The Last Game, August 1914 has an elegiac qualty, one of a number which examine the impact of the Great War, one hundred years on. It's no less powerful for the fact the War itself is never directly mentioned. Sport as a metaphor for war - and, in England, cricket as a metaphor for life, especially stiff-backed, English imperial life - is a recurring image in fiction from England but Burns does something remarkable and different here, turning the idea inside out. The cricket game being played is at once a rehearsal for the imminent conflict and a means of deferring it. Could we, her characters seem to feel, remain here, now, poised forever in this perfect moment, on the eve of the great catastrophe?
The Bread Princess similarly looks at a series of moments in successive generations in the life of a colliery town through the eyes of the young women chosen to distribute loaves to the poor (they're commemorated in their ceremonial bonnets, displayed in that museum). We see the changing life of the community, families rising and falling, hopes for the future dashed, we see injury, disease and death. From the bits and scraps of stories we can infer the whole sweep of nearly a century in the town. Here we're not trying to remain in a single moment but experiencing history as dynamic, forward moving and vibrant.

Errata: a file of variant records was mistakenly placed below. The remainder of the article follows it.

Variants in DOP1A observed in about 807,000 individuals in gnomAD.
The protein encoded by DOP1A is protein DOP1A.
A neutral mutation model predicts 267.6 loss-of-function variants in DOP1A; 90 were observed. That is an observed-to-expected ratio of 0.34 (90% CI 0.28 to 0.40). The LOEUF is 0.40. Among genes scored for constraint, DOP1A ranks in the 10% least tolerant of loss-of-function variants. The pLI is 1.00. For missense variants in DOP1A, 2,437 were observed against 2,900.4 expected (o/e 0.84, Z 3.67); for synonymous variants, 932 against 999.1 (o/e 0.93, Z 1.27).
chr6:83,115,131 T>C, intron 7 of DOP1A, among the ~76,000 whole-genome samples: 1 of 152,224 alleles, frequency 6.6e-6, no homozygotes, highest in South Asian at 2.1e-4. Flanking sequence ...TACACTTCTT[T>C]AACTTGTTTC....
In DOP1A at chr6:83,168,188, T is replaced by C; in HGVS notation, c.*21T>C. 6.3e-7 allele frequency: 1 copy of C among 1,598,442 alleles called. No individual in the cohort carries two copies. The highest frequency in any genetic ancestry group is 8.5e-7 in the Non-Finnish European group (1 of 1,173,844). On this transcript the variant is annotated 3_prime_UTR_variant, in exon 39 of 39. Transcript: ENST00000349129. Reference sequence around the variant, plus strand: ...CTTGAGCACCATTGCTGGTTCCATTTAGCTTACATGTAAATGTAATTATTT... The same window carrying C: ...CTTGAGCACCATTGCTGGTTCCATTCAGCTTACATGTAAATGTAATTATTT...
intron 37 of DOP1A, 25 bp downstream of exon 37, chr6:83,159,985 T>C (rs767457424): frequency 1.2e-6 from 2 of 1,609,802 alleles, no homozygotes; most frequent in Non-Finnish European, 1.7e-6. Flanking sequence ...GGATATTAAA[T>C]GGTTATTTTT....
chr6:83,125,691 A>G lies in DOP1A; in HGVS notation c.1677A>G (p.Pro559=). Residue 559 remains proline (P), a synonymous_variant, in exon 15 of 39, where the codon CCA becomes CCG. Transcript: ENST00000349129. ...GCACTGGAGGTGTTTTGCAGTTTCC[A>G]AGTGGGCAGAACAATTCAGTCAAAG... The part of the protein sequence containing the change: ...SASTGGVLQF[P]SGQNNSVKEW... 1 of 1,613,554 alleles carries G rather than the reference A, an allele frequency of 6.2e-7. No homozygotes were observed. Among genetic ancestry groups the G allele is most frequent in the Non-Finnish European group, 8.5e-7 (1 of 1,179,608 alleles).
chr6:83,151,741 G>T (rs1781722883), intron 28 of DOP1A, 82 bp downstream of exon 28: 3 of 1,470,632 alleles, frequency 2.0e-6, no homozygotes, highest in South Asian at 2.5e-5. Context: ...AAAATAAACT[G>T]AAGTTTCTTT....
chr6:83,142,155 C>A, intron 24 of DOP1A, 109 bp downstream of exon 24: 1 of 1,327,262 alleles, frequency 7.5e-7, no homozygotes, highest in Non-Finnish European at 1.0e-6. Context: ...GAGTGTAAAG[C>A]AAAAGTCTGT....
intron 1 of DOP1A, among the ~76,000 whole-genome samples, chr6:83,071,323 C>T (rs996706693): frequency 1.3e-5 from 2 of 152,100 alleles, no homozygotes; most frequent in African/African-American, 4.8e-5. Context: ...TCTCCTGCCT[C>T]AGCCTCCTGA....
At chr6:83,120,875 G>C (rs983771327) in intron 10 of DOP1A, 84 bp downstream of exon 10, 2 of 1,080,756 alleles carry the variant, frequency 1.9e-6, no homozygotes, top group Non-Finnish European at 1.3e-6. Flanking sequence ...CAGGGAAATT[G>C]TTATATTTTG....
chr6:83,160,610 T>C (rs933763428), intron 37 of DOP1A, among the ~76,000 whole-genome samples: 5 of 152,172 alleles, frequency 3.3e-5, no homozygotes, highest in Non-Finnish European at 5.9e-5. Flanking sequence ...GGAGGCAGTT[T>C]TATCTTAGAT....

Walter Bidelow's Egg sets a change of mood. Rather comic in tone, it chronicles rotund Professor Julian Cramp's attempts to lay hands on a precious dodo egg from what he sees as an obscure Colonial museum. Meanwhile, his wife grows frustrated and his daughter dabbles with Suffragism. Cramp's stomach complains and his weighty breakfasts and dinners act as a fine metaphor here for his (Imperial?) acquisitiveness. But why is this fifty-two year old professor so obsessed with a bird that was notoriously stupid and prone to gluttony?